I firmly believe that as a designer you have a responsibility to do no harm. That means:
- Don’t create anything that may harm another person
- Don’t create ways for a business to indirectly harm another person
- Don’t create things that glorify, make fun of, or make light of a tragedy
- Don’t enable profiting off of those that are marginalized
- Don’t create anything for a brand that ignores basic human rights
- Don’t do anything to make people feel unsafe or insecure in their own spaces
- Don’t trick or manipulate people into doing what you want
- Don’t ignore the world we live in – consider sustainability in everything you create
Don’t be Afraid to Say No
Famous designer Milton Glaser wrote an essay called Ambiguity & Truth where he outlined a series of questions (called The Road to Hell) that brings to light some of the ethical dilemmas designers face. Ask yourself which of these you’d be ok with and which you feel do no harm.
Image Credit: www.rsdesign.myportfolio.com/milton-glaser-road-to-hell
So What Should You Do?
Come to work every day ready to live your values and do the best work that you can. You can use your design super-powers for good, or at least not for bad.
I believe it is your job (and your challenge) to do no harm with everything you create. Be proud of what you put into this world. Stand tall and declare what you’ve made. Don’t put yourself into a position where you have to hide or shirk that you’ve been involved with something.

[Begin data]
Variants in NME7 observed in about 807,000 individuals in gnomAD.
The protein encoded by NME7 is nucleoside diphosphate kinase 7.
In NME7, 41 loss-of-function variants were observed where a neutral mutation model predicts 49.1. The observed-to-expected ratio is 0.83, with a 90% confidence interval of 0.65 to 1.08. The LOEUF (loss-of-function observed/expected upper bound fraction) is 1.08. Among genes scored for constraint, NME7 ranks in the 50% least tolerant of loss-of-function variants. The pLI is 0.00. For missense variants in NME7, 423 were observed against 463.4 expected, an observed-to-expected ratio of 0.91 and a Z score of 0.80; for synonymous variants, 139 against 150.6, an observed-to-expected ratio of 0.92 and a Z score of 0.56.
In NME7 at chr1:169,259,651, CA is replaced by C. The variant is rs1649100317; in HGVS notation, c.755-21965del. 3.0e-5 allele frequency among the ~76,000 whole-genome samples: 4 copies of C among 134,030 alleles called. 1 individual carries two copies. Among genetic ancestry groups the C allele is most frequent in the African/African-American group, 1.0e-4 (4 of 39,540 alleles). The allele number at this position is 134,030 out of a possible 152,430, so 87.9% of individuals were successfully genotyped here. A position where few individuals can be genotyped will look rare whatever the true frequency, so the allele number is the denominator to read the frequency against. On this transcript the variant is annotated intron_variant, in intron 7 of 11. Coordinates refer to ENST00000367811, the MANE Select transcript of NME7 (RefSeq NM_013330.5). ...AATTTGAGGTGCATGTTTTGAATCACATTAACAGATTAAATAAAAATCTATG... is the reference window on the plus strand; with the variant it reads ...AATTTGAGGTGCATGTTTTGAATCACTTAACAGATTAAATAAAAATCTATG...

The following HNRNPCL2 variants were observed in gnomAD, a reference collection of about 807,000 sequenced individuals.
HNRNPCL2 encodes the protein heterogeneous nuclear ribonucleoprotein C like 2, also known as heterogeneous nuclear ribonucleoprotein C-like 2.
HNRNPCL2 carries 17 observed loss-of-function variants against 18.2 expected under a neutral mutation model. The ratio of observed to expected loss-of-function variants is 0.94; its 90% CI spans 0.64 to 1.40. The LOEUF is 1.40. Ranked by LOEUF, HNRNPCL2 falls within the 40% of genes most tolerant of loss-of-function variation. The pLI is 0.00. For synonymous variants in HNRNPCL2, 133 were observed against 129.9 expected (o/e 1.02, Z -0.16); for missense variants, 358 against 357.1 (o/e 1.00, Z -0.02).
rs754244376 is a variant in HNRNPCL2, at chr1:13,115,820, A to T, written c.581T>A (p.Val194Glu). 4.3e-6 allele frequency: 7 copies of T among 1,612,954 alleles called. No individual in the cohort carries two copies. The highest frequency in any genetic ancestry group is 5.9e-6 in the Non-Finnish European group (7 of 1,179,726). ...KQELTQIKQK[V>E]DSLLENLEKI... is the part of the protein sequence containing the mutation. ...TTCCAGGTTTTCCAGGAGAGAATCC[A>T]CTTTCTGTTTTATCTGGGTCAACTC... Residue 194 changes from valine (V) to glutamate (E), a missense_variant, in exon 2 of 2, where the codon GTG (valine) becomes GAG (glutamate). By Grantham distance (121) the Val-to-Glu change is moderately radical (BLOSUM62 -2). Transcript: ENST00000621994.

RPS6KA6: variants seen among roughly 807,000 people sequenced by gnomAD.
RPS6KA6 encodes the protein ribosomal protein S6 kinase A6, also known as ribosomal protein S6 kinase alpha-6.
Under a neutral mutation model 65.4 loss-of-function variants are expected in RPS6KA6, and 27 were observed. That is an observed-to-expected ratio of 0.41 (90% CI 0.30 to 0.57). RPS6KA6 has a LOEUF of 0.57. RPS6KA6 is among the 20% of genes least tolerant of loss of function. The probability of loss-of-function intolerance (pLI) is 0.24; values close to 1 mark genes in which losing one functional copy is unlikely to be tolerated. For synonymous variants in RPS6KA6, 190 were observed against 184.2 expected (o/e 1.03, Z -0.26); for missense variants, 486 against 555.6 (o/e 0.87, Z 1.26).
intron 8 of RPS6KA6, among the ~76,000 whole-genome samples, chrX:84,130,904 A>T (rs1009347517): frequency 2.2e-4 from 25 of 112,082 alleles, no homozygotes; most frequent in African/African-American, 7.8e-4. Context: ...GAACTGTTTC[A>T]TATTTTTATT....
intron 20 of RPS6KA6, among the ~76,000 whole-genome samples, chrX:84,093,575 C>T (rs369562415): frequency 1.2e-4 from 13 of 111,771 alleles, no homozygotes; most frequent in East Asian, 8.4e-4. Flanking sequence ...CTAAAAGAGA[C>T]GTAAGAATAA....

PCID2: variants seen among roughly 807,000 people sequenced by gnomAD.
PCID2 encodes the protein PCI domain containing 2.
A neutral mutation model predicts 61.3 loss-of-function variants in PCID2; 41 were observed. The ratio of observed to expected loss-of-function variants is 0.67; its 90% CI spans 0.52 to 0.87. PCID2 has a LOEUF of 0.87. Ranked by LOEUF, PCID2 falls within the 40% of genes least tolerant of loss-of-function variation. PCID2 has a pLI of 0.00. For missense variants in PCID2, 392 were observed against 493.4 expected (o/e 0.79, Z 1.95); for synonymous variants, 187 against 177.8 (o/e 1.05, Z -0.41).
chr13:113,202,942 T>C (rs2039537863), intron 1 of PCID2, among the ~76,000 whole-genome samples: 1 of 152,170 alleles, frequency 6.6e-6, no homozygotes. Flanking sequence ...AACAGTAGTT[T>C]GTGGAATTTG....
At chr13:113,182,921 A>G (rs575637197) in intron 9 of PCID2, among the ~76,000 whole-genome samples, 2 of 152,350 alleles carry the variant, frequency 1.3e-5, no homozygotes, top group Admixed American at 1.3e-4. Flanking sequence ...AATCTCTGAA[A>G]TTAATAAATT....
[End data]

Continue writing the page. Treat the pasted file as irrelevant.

If you’re ashamed of what you’re doing then it’s not right. If a great opportunity comes along that doesn’t allow you to do this, then do what every 2-year-old does best: say NO!
Athena brings 14 years of expertise in print, web, brand identity, and mobile, software and application design. From concept to completion, Athena possesses a rare combination of design skills. She works with an immaculate attention to detail, a clear grasp of the target and message as a whole, extraordinary creative talent, and the production skills to bring her ideas to life. Athena delivers projects within budget and time restraints while maintaining Akendi’s consistently high standards. She has had the opportunity to work with some of North America’s most respected organizations including The Canadian Breast Cancer Foundation, RBC, Whole Foods Market, SAP America, York Region, Blackberry, the Government of Canada, the Canadian Digestive Health Foundation and the Canadian Partnership Against Cancer. Athena holds a BFA in Graphic Design from the Rochester Institute of Technology in Rochester, New York and has earned the professional designation of Registered Graphic Designer.